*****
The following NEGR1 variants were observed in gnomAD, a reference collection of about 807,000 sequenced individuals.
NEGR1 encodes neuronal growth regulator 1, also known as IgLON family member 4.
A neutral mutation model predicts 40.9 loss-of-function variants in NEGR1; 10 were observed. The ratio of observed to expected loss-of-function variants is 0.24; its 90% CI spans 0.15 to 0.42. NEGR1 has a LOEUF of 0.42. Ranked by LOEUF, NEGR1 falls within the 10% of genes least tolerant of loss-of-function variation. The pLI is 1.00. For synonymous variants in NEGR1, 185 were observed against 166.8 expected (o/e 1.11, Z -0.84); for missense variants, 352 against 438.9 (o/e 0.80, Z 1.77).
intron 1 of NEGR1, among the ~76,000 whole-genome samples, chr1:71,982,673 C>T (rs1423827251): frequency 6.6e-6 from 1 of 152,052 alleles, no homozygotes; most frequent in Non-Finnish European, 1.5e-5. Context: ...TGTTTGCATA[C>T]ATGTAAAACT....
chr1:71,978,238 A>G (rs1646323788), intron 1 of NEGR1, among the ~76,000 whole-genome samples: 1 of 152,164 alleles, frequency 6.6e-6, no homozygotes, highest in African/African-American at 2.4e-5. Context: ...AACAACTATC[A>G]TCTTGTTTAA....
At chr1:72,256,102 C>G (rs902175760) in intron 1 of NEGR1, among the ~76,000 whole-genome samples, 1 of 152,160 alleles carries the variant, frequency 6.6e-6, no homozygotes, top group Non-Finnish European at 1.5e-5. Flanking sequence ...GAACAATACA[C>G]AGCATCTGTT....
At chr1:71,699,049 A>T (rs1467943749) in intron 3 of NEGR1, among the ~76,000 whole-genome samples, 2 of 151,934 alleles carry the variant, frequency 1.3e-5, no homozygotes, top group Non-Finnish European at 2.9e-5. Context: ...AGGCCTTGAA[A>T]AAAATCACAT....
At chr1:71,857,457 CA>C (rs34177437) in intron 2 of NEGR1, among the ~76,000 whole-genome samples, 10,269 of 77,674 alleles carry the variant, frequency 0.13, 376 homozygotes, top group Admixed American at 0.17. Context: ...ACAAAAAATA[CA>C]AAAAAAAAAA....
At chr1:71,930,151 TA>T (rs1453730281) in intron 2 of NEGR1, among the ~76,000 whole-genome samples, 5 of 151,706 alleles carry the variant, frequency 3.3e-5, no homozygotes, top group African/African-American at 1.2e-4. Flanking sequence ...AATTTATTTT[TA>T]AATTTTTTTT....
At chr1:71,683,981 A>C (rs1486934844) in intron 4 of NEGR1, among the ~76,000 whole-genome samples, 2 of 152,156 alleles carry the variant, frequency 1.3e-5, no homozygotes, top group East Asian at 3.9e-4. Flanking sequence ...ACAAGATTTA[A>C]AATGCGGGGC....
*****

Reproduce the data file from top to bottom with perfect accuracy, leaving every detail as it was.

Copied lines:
The following NEGR1 variants were observed in gnomAD, a reference collection of about 807,000 sequenced individuals.
NEGR1 encodes neuronal growth regulator 1, also known as IgLON family member 4.
A neutral mutation model predicts 40.9 loss-of-function variants in NEGR1; 10 were observed. The ratio of observed to expected loss-of-function variants is 0.24; its 90% CI spans 0.15 to 0.42. NEGR1 has a LOEUF of 0.42. Ranked by LOEUF, NEGR1 falls within the 10% of genes least tolerant of loss-of-function variation. The pLI is 1.00. For synonymous variants in NEGR1, 185 were observed against 166.8 expected (o/e 1.11, Z -0.84); for missense variants, 352 against 438.9 (o/e 0.80, Z 1.77).
intron 1 of NEGR1, among the ~76,000 whole-genome samples, chr1:71,982,673 C>T (rs1423827251): frequency 6.6e-6 from 1 of 152,052 alleles, no homozygotes; most frequent in Non-Finnish European, 1.5e-5. Context: ...TGTTTGCATA[C>T]ATGTAAAACT....
chr1:71,978,238 A>G (rs1646323788), intron 1 of NEGR1, among the ~76,000 whole-genome samples: 1 of 152,164 alleles, frequency 6.6e-6, no homozygotes, highest in African/African-American at 2.4e-5. Context: ...AACAACTATC[A>G]TCTTGTTTAA....
At chr1:72,256,102 C>G (rs902175760) in intron 1 of NEGR1, among the ~76,000 whole-genome samples, 1 of 152,160 alleles carries the variant, frequency 6.6e-6, no homozygotes, top group Non-Finnish European at 1.5e-5. Flanking sequence ...GAACAATACA[C>G]AGCATCTGTT....
At chr1:71,699,049 A>T (rs1467943749) in intron 3 of NEGR1, among the ~76,000 whole-genome samples, 2 of 151,934 alleles carry the variant, frequency 1.3e-5, no homozygotes, top group Non-Finnish European at 2.9e-5. Context: ...AGGCCTTGAA[A>T]AAAATCACAT....
At chr1:71,857,457 CA>C (rs34177437) in intron 2 of NEGR1, among the ~76,000 whole-genome samples, 10,269 of 77,674 alleles carry the variant, frequency 0.13, 376 homozygotes, top group Admixed American at 0.17. Context: ...ACAAAAAATA[CA>C]AAAAAAAAAA....
At chr1:71,930,151 TA>T (rs1453730281) in intron 2 of NEGR1, among the ~76,000 whole-genome samples, 5 of 151,706 alleles carry the variant, frequency 3.3e-5, no homozygotes, top group African/African-American at 1.2e-4. Flanking sequence ...AATTTATTTT[TA>T]AATTTTTTTT....
At chr1:71,683,981 A>C (rs1486934844) in intron 4 of NEGR1, among the ~76,000 whole-genome samples, 2 of 152,156 alleles carry the variant, frequency 1.3e-5, no homozygotes, top group East Asian at 3.9e-4. Flanking sequence ...ACAAGATTTA[A>C]AATGCGGGGC....